The piece concludes with what should have been a link to the pictures simply reading “coming shortly” though there is a previously unlinked page with a set of them. The next page and the rest of the pictures are still missing. But probably I had decided the 25 that are there are enough to give a good impression for the walk.. I’ve uploaded just one extra to go with this post.

Beltane, Chariot Festival, Barking & Whitechapel

Sunday, May 28th, 2023

Beltane, Chariot Festival, Barking & Whitechapel: I had an interesting and varied day at events and places across London on Sunday 28th May 2006, taking rather a lot of photographs. Appropriately for a Sunday I covered two religious events.

Pagan Pride – Beltane Bash – Holborn

Beltane, Chariot Festival, Barking & Whitechapel

My working day began at Holborn, having caught a fairly early train into London. Now I like to relax a bit on Sundays, but for many years I often came up by the first train to take photographs. Though it wasn’t that early on Sundays, departing around 8am.

Beltane, Chariot Festival, Barking & Whitechapel

I took a bus from Waterloo to Holborn and walked the few yards to the Conway Hall at the north-east corner of Red Lion Square.

Beltane, Chariot Festival, Barking & Whitechapel

Here (with corrected capitalisation) is what I wrote about this event on My London Diary in 2006.

The Pagan Pride Parade in Holborn is now a regular annual event, a part of the Beltane Bash that takes place in the Conway Hall in Red Lion Square. Mostly it was the same people as last year, but I found it hard to get into the mood to take pictures.

Beltane, Chariot Festival, Barking & Whitechapel

As usual the parade was led by Jack In The Green – a dancing bush – the Green Lady and the Bogies. The Giants included the Morrigan (in green and flowers to welcome summer) with Black Ravens, Old Man Thunder and Old Dame Holder, along with the rest of it.

Beltane, Chariot Festival, Barking & Whitechapel

Dancing round the fountains was energetic, but somehow for me the event didn’t really get going, and lacked any real climax, people just slowly began to fade away.

My London Diary – May 2006

Chariot Festival, Sri Mahalakshmi Temple – East Ham

Those taking part in the Pagan Pride parade began to make their way back to Conway Hall for the rest of their day of events, but I rushed to Holborn underground station to take the Central line eastwards, changing at Mile End to get to East Ham. But I had stayed too long with the pagans.

The Sri Mahalakshmi Temple had been built in 1989 and opened and was almost opposite the station. Before that Hindus and worshipped at a converted shop on the corner of Kensington Avenue and High Street North, around 300 yards north from the station.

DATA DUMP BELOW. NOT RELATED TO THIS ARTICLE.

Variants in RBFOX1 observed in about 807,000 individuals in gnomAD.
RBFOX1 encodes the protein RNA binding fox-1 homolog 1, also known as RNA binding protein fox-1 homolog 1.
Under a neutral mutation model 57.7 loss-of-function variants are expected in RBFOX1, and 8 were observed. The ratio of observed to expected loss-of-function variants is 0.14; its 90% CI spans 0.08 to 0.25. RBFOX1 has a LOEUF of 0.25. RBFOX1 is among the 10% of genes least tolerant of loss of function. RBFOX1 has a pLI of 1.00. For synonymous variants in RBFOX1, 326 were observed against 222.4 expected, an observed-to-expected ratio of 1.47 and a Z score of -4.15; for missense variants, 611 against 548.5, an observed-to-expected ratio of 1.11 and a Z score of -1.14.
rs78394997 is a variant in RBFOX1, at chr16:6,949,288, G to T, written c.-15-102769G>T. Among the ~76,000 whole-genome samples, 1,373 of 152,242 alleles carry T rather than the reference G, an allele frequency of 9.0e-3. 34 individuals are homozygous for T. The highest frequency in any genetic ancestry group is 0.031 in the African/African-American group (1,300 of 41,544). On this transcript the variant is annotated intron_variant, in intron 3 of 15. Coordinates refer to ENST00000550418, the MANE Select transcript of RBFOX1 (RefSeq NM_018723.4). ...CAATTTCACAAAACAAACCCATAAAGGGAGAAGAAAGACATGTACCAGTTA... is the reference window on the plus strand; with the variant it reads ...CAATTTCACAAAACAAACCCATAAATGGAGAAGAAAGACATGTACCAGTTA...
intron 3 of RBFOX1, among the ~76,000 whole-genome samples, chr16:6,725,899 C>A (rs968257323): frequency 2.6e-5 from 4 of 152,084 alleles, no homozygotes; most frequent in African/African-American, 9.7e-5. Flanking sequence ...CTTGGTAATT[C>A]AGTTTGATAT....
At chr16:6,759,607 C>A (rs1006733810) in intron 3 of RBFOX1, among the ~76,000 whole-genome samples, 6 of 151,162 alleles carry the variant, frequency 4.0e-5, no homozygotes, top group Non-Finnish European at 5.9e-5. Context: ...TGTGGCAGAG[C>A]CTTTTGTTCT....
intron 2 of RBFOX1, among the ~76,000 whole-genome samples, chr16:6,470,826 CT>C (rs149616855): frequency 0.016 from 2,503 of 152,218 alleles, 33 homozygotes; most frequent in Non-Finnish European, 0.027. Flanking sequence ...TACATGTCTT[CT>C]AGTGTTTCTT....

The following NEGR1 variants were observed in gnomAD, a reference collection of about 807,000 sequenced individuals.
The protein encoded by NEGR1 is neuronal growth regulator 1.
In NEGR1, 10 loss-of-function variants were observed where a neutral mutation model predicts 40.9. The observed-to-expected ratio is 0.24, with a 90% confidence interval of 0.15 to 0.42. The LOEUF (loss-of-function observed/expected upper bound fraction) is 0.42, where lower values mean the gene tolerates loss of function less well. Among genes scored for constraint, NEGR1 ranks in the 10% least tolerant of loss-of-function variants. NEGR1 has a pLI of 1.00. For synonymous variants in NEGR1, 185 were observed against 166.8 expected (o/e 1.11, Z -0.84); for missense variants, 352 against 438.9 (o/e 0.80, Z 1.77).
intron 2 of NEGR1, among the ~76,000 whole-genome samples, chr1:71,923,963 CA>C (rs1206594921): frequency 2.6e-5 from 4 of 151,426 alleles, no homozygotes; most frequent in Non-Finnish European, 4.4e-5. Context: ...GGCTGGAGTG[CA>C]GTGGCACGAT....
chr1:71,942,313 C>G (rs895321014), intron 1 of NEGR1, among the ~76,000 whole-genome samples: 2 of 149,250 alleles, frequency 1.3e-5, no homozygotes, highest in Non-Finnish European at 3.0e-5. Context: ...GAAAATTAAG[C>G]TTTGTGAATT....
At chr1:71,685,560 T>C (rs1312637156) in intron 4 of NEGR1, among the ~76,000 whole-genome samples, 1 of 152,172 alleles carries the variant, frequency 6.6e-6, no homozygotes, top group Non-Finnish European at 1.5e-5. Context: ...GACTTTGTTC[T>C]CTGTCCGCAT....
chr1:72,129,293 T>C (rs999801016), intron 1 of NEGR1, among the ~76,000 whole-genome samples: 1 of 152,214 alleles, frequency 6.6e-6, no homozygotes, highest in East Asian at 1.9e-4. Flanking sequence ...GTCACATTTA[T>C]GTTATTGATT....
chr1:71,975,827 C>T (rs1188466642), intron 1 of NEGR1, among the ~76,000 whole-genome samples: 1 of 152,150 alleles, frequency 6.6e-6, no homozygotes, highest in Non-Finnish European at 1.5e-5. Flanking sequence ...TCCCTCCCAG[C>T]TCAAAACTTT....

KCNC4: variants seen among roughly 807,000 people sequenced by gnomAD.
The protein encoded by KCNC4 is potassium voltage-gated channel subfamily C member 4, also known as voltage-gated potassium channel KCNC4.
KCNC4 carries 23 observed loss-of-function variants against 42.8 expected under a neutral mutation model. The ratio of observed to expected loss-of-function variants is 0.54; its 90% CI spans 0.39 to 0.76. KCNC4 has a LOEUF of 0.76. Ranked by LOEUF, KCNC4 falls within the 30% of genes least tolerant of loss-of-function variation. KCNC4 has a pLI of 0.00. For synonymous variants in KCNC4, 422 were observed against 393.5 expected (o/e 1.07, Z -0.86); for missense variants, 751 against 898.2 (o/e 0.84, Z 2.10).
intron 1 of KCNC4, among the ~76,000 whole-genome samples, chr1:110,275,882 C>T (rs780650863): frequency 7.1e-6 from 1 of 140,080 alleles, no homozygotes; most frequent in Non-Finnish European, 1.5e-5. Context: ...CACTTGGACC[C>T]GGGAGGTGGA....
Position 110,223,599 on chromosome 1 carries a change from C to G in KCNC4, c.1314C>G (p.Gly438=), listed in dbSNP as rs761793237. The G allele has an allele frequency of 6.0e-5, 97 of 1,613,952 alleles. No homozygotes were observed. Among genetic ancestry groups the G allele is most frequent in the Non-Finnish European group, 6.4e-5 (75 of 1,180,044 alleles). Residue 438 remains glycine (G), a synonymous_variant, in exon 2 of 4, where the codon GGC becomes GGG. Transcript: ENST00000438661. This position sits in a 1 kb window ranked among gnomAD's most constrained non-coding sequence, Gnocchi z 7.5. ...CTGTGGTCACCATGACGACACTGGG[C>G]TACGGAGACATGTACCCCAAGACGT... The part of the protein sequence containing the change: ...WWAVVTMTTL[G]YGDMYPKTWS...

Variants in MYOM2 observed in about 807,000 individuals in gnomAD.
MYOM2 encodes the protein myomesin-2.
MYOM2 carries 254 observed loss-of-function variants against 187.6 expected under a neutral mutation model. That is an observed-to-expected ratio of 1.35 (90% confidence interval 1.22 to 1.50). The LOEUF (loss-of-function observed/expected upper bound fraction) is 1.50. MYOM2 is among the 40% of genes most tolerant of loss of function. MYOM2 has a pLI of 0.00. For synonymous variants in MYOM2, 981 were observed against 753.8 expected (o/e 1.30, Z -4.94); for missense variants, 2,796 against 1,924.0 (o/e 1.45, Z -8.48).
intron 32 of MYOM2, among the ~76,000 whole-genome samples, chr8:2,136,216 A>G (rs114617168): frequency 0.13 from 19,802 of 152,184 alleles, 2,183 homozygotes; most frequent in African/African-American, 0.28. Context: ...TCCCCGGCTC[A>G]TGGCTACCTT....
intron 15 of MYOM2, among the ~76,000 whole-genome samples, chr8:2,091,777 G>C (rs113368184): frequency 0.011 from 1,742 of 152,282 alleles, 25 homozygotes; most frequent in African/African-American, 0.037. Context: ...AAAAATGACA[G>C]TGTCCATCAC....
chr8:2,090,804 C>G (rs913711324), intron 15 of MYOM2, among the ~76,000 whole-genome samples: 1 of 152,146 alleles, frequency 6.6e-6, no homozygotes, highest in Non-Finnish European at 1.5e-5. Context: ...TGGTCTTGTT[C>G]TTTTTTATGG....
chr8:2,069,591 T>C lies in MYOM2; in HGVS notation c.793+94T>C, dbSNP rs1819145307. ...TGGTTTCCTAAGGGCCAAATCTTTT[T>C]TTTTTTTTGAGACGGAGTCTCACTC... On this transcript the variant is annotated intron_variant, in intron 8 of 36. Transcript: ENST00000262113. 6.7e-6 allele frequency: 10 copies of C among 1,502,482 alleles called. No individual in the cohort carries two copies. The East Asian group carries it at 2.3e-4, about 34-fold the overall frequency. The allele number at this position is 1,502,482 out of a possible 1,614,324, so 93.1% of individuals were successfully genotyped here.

Unfortunately I had arrived too late and the procession on the streets had ended, though I was still able to photograph the chariots outside and a few of the people. I made a mental note to come back and cover this event another year, but although I photographed other chariot festivals including one in Manor Park, East Ham, I’ve never returned for this one.

My London Diary – May 2006

Barking and River Roding – Barking

I was in East Ham and the afternoon lay ahead; it was a fine day and I decided this was a great opportunity to take a walk a little further to the east by the River Roding. I took a few pictures of the chariots, then went to walk along by the River Roding and to photograph a new development by the railway in Barking.

The half-mile walk along unkonwln was rather uninteresting. It’s a long suburban street lined with terraces of working class housing from the early twentieth century on both sides, named for the family who once owned the estate on which it was built. As Stephen Benton points out in his London Postcode walk it has one small claim to fame, and almost every famous pop guitarist from the the 70s and 80s – including those from the Beatles, Rolling Stones, Yardbirds, The Who as well as musical failures like me will have started with Bert Weedon’s ‘Play in A Day – Guide to Modern Guitar’, first published in 1957. Weedon (1920-2012) was born here, though he had probably moved away long before he became famous.

The path led on to Watson Ave, with a view of the Leigh Road gasholder in what is now the derelict Leigh Road Sports Ground. The Barking Gas Works opened here in 1836 but was purchased in 1912 by the Gas Light and Coke Company, who closed it as they had the much larger and more economical works they had opened at Beckton in 1870. But the holder remained and was I think still in use by the North Thames Gas Board possibly until the change from coal gas to natural gas. The area around it became their sports ground.

At the end of Watson Ave is a long footbridge which took me over the North Circular Road, from which I took a few pictures before going through an industrial estate.